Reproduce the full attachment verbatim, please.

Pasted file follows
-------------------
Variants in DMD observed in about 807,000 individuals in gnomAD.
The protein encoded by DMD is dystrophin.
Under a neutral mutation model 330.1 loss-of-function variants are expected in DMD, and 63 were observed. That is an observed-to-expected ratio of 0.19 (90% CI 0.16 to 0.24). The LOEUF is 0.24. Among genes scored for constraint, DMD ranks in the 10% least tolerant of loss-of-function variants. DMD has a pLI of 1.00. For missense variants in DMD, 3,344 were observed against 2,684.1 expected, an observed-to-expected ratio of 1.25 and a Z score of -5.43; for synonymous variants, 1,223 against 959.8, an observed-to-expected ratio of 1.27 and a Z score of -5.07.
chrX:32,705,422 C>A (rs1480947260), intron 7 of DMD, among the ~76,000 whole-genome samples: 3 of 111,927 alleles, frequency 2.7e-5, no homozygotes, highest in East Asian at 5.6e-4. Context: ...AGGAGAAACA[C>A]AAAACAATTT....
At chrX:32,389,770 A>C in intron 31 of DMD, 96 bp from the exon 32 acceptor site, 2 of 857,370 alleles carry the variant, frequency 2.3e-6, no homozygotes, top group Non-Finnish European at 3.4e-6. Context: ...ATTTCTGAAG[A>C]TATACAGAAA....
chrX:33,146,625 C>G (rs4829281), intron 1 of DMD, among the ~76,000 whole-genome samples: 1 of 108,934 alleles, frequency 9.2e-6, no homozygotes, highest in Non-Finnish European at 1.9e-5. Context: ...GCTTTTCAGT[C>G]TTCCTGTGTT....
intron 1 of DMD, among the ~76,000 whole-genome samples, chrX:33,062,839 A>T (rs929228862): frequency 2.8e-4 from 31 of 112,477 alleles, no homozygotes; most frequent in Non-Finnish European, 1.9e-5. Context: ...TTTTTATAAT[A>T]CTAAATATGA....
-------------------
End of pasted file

Variants in DMD observed in about 807,000 individuals in gnomAD.
The protein encoded by DMD is dystrophin.
Under a neutral mutation model 330.1 loss-of-function variants are expected in DMD, and 63 were observed. That is an observed-to-expected ratio of 0.19 (90% CI 0.16 to 0.24). The LOEUF is 0.24. Among genes scored for constraint, DMD ranks in the 10% least tolerant of loss-of-function variants. DMD has a pLI of 1.00. For missense variants in DMD, 3,344 were observed against 2,684.1 expected, an observed-to-expected ratio of 1.25 and a Z score of -5.43; for synonymous variants, 1,223 against 959.8, an observed-to-expected ratio of 1.27 and a Z score of -5.07.
chrX:32,705,422 C>A (rs1480947260), intron 7 of DMD, among the ~76,000 whole-genome samples: 3 of 111,927 alleles, frequency 2.7e-5, no homozygotes, highest in East Asian at 5.6e-4. Context: ...AGGAGAAACA[C>A]AAAACAATTT....
At chrX:32,389,770 A>C in intron 31 of DMD, 96 bp from the exon 32 acceptor site, 2 of 857,370 alleles carry the variant, frequency 2.3e-6, no homozygotes, top group Non-Finnish European at 3.4e-6. Context: ...ATTTCTGAAG[A>C]TATACAGAAA....
chrX:33,146,625 C>G (rs4829281), intron 1 of DMD, among the ~76,000 whole-genome samples: 1 of 108,934 alleles, frequency 9.2e-6, no homozygotes, highest in Non-Finnish European at 1.9e-5. Context: ...GCTTTTCAGT[C>G]TTCCTGTGTT....
intron 1 of DMD, among the ~76,000 whole-genome samples, chrX:33,062,839 A>T (rs929228862): frequency 2.8e-4 from 31 of 112,477 alleles, no homozygotes; most frequent in Non-Finnish European, 1.9e-5. Context: ...TTTTTATAAT[A>T]CTAAATATGA....